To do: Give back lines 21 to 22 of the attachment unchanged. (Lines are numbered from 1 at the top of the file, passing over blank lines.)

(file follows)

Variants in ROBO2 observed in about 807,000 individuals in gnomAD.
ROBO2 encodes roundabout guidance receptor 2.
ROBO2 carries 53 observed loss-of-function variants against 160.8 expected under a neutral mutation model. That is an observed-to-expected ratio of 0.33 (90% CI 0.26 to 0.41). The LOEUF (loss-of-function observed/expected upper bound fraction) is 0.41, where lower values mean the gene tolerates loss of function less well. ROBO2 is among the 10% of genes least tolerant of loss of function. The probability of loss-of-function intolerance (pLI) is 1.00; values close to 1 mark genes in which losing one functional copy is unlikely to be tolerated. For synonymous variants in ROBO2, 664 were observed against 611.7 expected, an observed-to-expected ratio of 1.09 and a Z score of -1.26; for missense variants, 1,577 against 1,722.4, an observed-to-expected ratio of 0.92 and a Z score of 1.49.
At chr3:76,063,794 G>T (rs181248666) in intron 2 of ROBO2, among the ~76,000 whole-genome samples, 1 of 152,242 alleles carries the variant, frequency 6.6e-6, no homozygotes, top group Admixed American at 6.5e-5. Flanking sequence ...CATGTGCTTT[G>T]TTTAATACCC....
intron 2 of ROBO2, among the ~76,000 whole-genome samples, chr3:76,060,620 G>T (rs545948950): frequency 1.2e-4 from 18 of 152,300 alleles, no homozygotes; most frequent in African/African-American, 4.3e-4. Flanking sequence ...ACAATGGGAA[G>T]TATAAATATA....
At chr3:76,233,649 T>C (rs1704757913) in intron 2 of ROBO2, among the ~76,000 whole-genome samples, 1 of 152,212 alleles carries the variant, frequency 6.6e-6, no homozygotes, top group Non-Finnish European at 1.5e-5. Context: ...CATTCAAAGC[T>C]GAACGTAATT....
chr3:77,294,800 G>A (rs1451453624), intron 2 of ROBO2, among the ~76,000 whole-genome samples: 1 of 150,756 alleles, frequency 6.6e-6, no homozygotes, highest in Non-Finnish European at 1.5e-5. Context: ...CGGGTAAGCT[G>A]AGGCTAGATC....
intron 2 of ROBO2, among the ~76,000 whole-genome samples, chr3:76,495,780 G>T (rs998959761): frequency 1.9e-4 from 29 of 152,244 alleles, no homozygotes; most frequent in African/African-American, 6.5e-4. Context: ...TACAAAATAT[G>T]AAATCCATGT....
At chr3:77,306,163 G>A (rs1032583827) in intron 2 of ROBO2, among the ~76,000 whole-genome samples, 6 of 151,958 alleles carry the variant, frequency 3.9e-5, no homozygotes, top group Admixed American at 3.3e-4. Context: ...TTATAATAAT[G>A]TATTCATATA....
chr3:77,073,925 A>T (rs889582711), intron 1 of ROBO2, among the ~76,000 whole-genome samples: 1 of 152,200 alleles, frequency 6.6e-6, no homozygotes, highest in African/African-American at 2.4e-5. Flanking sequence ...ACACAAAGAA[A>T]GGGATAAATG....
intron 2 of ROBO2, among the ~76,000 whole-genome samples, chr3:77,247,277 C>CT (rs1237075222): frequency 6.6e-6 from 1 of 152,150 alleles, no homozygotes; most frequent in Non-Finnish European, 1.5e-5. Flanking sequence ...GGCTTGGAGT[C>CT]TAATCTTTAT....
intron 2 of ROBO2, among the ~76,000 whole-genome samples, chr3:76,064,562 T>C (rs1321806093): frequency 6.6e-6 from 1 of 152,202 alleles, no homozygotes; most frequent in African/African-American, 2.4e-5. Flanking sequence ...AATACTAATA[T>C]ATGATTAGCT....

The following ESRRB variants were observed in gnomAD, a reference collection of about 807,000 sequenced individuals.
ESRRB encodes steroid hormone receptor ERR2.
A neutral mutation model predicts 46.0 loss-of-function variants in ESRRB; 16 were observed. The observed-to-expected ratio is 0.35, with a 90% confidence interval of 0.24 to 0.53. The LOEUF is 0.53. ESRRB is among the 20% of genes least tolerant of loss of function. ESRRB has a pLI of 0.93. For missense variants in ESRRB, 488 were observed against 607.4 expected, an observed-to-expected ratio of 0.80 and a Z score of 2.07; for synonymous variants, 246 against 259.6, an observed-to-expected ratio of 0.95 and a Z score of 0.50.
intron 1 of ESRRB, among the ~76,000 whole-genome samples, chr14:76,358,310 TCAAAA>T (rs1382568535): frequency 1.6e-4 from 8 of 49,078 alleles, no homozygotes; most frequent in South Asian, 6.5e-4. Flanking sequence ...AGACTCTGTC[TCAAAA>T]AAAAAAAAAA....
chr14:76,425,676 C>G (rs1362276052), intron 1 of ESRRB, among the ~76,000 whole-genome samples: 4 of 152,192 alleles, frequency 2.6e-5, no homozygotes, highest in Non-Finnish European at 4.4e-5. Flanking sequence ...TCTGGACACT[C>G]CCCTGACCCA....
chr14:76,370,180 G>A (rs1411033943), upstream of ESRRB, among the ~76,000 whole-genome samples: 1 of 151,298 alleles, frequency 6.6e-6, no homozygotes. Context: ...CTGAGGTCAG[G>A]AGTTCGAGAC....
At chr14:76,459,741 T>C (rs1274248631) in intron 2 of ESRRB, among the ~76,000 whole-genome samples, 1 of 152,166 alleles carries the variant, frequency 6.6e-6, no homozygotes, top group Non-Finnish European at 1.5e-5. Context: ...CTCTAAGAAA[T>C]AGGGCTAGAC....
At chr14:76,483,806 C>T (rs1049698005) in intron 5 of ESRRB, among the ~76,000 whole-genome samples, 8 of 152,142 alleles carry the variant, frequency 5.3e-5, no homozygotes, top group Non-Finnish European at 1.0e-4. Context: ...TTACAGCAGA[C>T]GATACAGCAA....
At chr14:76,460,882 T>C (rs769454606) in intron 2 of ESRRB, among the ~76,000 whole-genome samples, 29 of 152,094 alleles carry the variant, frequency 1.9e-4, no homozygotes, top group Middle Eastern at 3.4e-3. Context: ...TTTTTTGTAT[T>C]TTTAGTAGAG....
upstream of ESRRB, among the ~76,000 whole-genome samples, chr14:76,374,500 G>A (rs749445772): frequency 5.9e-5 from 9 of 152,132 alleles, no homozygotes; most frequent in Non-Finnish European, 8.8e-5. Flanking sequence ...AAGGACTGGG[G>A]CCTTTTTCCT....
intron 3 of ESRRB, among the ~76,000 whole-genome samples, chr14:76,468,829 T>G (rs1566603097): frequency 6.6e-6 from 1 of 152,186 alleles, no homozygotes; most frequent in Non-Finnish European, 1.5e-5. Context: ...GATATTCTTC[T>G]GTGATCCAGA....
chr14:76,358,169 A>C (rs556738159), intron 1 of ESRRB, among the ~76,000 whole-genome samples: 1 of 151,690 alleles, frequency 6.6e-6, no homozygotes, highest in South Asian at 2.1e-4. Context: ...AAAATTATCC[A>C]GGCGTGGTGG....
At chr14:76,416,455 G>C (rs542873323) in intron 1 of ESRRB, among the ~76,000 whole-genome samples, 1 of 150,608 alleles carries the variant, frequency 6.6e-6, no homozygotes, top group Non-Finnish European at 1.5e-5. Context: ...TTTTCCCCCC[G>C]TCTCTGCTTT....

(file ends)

At chr14:76,460,882 T>C (rs769454606) in intron 2 of ESRRB, among the ~76,000 whole-genome samples, 29 of 152,094 alleles carry the variant, frequency 1.9e-4, no homozygotes, top group Middle Eastern at 3.4e-3. Context: ...TTTTTTGTAT[T>C]TTTAGTAGAG....
upstream of ESRRB, among the ~76,000 whole-genome samples, chr14:76,374,500 G>A (rs749445772): frequency 5.9e-5 from 9 of 152,132 alleles, no homozygotes; most frequent in Non-Finnish European, 8.8e-5. Flanking sequence ...AAGGACTGGG[G>A]CCTTTTTCCT....